A pigment must be insoluble in the vehicle (the medium in which it is dispersed),
and it must not react with any of the components of the paint, such as crosslinking
agents. Pigments are required to retain these properties even when the paint is
being dried, which is frequently carried out at elevated temperatures. Once in the
dried film, the pigment must also remain unaffected by the substrate and to agents
with which it comes into contact, including water, which may simply be in the form
of condensation, or acidic industrial atmospheres.
Under certain conditions, pigments may dissolve, leading to application problems.
Organic pigments may dissolve to a limited extent in organic solvents, and inorganic
pigments may be affected by other components. Solubility of a pigment generates
the following problems:
If the pigment dissolves in the solvent, as the paint dries, the solvent comes to
the surface and evaporates, leaving crystals of the pigment on the surface in the
form of a fine powder. As solubility increases with temperature, this phenomenon
is made worse at elevated temperatures.
The effect of plate out looks similar to blooming, but occurs in plastics and powder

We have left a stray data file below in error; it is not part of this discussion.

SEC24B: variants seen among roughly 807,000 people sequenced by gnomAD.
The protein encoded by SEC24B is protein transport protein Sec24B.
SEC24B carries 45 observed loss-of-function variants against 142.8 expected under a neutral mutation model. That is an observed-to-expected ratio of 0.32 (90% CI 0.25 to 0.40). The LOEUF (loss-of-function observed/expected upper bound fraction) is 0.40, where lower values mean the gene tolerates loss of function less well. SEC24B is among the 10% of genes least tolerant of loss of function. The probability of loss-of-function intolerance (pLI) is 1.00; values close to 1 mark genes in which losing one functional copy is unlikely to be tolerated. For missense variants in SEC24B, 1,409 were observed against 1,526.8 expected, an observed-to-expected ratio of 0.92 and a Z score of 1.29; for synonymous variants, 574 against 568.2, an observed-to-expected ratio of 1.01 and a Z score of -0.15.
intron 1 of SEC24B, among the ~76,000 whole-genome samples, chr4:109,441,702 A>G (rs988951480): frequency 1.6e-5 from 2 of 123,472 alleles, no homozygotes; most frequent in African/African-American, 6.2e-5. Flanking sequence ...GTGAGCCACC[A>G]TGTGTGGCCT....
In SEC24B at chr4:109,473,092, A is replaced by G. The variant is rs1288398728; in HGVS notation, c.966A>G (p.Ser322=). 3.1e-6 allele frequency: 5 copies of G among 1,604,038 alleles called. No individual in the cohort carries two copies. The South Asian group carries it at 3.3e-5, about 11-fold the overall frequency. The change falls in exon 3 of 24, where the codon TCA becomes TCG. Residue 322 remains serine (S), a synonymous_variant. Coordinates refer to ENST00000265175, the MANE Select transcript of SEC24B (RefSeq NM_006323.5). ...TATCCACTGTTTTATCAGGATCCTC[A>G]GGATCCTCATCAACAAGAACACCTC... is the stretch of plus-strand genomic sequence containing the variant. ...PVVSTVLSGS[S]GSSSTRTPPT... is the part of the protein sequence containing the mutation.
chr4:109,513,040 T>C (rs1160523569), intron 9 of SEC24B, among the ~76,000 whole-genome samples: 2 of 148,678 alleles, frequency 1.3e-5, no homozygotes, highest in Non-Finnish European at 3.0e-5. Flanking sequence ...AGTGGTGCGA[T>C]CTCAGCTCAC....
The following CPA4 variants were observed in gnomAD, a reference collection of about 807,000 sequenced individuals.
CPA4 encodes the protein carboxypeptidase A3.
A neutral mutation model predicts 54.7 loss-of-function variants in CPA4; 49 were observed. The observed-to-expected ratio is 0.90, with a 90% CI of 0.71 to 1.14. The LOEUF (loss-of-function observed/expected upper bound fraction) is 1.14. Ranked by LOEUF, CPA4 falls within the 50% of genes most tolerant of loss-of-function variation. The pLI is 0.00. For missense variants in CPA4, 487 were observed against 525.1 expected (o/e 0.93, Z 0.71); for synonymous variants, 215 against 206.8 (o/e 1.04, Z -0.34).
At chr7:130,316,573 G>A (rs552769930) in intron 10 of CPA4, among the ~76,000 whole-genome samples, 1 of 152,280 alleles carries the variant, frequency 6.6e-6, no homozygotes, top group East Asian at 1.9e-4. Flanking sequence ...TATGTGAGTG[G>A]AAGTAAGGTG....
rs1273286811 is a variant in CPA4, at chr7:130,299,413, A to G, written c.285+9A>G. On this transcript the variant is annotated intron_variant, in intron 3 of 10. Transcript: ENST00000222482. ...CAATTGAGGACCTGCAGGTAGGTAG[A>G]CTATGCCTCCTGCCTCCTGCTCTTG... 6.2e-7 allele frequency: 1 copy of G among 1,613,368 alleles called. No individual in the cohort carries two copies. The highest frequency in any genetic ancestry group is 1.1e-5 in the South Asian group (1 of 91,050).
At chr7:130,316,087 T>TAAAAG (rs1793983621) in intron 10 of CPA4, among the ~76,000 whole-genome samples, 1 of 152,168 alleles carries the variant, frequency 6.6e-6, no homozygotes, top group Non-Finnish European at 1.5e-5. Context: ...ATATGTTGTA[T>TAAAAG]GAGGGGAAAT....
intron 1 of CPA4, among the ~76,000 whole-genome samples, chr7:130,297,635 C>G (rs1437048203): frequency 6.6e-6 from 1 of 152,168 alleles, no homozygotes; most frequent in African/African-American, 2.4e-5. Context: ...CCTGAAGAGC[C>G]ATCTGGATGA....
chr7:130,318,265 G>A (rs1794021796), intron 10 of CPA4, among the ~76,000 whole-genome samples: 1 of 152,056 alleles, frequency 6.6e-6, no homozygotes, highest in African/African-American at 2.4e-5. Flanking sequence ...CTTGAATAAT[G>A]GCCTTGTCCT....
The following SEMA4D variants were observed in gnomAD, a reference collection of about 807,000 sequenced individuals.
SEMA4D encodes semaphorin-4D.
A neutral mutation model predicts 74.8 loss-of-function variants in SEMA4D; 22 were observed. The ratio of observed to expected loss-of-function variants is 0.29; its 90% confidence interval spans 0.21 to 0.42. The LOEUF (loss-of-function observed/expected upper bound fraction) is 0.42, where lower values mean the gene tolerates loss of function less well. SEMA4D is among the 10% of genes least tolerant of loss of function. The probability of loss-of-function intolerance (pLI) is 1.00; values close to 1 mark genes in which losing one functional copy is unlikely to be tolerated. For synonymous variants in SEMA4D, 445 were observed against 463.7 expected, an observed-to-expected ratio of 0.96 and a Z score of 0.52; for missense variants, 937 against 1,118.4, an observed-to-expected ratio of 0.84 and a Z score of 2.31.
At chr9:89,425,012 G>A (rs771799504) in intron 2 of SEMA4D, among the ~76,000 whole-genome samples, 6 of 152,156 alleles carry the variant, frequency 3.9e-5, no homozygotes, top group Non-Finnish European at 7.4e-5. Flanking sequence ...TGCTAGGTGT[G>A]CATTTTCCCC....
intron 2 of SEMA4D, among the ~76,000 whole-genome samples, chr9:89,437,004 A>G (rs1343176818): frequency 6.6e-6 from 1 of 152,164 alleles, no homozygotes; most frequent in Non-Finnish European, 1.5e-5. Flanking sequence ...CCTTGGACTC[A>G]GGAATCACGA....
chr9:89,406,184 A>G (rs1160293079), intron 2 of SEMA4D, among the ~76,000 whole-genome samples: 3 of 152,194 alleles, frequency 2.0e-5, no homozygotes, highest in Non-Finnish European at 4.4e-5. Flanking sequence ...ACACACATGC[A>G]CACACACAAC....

coatings. However, it is not due to the pigment dissolving, but rather to the surface
of the pigment not being properly wetted out. It usually occurs mainly with complex
pigments and once wiped from the surface does not reappear.
Pigments in a dried paint film may dissolve in the solvent contained in a new coat
of paint applied on top of the original film. If the topcoat is a different color,
particularly a white or pale color, the result can be disastrous. Again elevated
temperatures exacerbate the problem.
This phenomenon was almost unknown until the introduction of beadmills. During the
milling stage, heat is generated, which dissolves a portion of the pigment. Over
a period of time, the dissolved "pigment" starts to precipitate out, losing
brilliance and color strength. This becomes especially noticeable in the case of
paints containing two differently colored pigments that have different solubility
characteristics. The more soluble pigment dissolves and then as it comes out of
solution and precipitates, the paint will take the shade of the second pigment.
Recrystallization can even take place in aqueous systems. It can be avoided by using
less soluble pigments and/or by controlling the temperature during the dispersion